Ken Griffey, Jr., Matt Kemp and Mike Trout were molded after the Say Hey Kid.

Mariano Rivera

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    Mariano Rivera's cutter has changed the closing profession.

    Late-inning relievers from previous generations were huge proponents of high-90s fastballs and filthy breaking balls. They would risk injury to master such pitches because they generated swings-and-misses.

    Mo sacrifices a few miles per hour to get more lateral movement. He has gained a reputation for breaking bats and inducing weak contact. Strikeouts aren't among his priorities.

    Rivera's avoidance of significant arm injuries is just as incredible as his Hall of Fame credentials.

    Kenley Jansen (Los Angeles Dodgers) and Brian Wilson (San Francisco Giants) are just two active closers who have been inspired by "The Sandman" and added the cutter to their repertoires.

Babe Ruth

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    Babe Ruth began shattering offensive records in 1920 upon completing the conversion from pitcher to outfielder.

    It took Major League Baseball years to catch up.

    New York Yankees slugger Roger Maris didn't supplant him as the single-season home run king until 1961. Another four decades later, Barry Bonds finally eclipsed The Bambino's record for highest yearly OPS.

    During Ruth's career, ballparks were typically about 300 feet down the right-field line. But before he came along, nobody had enough strength and confidence to aim for the seats with every swing.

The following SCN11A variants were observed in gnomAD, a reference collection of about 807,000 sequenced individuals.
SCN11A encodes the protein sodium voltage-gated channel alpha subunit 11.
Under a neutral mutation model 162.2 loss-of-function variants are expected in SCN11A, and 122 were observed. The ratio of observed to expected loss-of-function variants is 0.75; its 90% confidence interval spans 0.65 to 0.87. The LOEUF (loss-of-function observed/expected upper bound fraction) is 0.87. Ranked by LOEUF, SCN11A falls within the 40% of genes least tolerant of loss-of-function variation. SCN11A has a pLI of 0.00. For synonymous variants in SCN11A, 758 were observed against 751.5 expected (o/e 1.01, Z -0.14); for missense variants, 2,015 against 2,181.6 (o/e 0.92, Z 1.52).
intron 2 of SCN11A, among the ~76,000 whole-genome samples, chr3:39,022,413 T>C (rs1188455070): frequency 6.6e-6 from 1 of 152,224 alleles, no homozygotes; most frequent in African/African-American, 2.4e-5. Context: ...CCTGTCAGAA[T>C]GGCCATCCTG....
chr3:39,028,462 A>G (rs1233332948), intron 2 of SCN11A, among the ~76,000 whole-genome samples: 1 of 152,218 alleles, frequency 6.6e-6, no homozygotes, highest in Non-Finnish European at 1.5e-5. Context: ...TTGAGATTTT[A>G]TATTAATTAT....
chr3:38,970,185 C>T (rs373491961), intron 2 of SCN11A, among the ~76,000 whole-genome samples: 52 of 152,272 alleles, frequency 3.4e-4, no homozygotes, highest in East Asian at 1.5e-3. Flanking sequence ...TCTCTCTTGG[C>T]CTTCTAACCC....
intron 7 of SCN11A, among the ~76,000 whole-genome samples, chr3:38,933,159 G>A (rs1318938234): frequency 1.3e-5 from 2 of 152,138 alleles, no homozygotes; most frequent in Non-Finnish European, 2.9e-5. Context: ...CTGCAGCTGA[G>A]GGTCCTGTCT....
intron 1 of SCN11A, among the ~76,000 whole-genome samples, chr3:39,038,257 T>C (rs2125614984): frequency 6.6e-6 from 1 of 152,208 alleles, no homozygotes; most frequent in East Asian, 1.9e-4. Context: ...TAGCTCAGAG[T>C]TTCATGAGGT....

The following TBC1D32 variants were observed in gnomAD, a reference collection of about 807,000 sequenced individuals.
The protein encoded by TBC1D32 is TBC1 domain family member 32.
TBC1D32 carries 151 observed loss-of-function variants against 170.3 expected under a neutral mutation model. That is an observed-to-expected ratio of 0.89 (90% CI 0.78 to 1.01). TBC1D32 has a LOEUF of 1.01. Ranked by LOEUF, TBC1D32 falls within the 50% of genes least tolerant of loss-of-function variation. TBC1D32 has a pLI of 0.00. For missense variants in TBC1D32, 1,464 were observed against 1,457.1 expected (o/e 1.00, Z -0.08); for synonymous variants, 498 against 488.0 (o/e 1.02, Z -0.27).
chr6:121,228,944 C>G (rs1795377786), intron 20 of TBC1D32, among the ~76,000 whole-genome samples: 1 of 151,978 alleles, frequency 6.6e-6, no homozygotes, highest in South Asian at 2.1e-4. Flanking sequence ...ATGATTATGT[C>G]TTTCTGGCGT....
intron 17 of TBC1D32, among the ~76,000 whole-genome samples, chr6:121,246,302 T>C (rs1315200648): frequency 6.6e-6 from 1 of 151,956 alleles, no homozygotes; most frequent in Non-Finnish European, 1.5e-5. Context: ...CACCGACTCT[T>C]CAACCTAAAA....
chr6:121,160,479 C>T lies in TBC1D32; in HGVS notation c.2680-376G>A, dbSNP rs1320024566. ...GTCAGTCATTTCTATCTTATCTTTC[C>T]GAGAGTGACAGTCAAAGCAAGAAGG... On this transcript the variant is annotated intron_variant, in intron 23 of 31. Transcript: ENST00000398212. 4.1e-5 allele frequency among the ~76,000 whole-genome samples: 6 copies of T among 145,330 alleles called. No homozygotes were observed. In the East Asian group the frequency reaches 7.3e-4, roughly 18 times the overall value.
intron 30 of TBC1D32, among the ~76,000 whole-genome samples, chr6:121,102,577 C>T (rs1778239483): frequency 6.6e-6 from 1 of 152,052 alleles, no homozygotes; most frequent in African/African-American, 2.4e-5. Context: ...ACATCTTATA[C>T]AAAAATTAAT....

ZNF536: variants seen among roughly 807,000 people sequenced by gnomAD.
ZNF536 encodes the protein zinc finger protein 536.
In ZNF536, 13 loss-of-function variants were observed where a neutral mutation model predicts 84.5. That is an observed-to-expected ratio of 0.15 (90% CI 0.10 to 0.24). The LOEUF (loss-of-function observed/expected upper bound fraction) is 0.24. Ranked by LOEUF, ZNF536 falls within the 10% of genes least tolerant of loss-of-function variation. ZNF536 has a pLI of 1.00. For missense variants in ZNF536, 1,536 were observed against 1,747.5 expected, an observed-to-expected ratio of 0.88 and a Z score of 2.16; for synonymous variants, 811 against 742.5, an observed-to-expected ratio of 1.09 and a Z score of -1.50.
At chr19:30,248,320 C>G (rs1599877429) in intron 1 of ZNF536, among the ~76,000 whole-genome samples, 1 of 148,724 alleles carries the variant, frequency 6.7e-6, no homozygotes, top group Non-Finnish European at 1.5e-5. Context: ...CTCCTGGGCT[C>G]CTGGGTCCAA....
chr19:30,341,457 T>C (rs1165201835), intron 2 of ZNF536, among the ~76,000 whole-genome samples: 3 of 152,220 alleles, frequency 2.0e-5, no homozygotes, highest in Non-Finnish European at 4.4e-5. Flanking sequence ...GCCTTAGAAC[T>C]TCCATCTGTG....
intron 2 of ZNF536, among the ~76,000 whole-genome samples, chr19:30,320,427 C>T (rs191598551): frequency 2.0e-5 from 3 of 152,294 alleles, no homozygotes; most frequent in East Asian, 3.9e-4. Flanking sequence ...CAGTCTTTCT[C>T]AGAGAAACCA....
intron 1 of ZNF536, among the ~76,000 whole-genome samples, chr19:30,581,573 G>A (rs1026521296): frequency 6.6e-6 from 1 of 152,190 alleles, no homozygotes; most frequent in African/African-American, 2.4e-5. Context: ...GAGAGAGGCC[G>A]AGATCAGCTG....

Today, every MLB roster has at least one player with that mindset.

Ted Williams

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    Ted Williams was obsessed with the science of hitting. He even wrote a book about it.

    The Kid persuaded his peers to use lighter bats by reasoning that stroking the ball with authority had more to do with bat speed than strength. He led the American League in home runs four times despite a slender build.

    Williams attributed his all-time best on-base percentage to taking the first pitches of most plate appearances. Falling behind in the count wasn't a disadvantage, he said, because it allowed him to see more of the pitcher's stuff.

    Veteran sluggers Bobby Abreu and Chase Utley have thrived from exercising Williams' sort of first-pitch patience.

Johnny Bench

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    Catchers used to receive pitches with two hands to prevent the ball from popping out, recalls former Gold Glove winner Earl Battey.

    Then Johnny Bench made it to the big leagues.

    Frustrated by past thumb injuries, he began using a hinged catcher's mitt. Akin to what first basemen had, it allowed him to secure the baseball without putting his throwing hand in harm's way.

    Bench popularized that style of mitt during the late 1960s and 1970s. His preference to hide his bare hand became the norm.

Cal Ripken, Jr.

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    The baseball traditionalists initially agreed on one thing—Cal Ripken, Jr. was too big to play shortstop. A 6'4" individual had never been—and supposedly, could never be—an effective middle infielder.

    Ripken challenged that fallacy and ultimately redefined the position. confirms his fielding prowess. Only Ozzie Smith, Mark Belanger and Brooks Robinson are superior in terms of career defensive WAR.

    All the skeptics that expected Ripken to succumb to wear and tear must have been in disbelief as his consecutive-games-played streak grew to epic proportions.

    Thanks to him, doors opened for other imposing specimens like Derek Jeter, Hanley Ramirez, Alex Rodriguez and Troy Tulowitzki.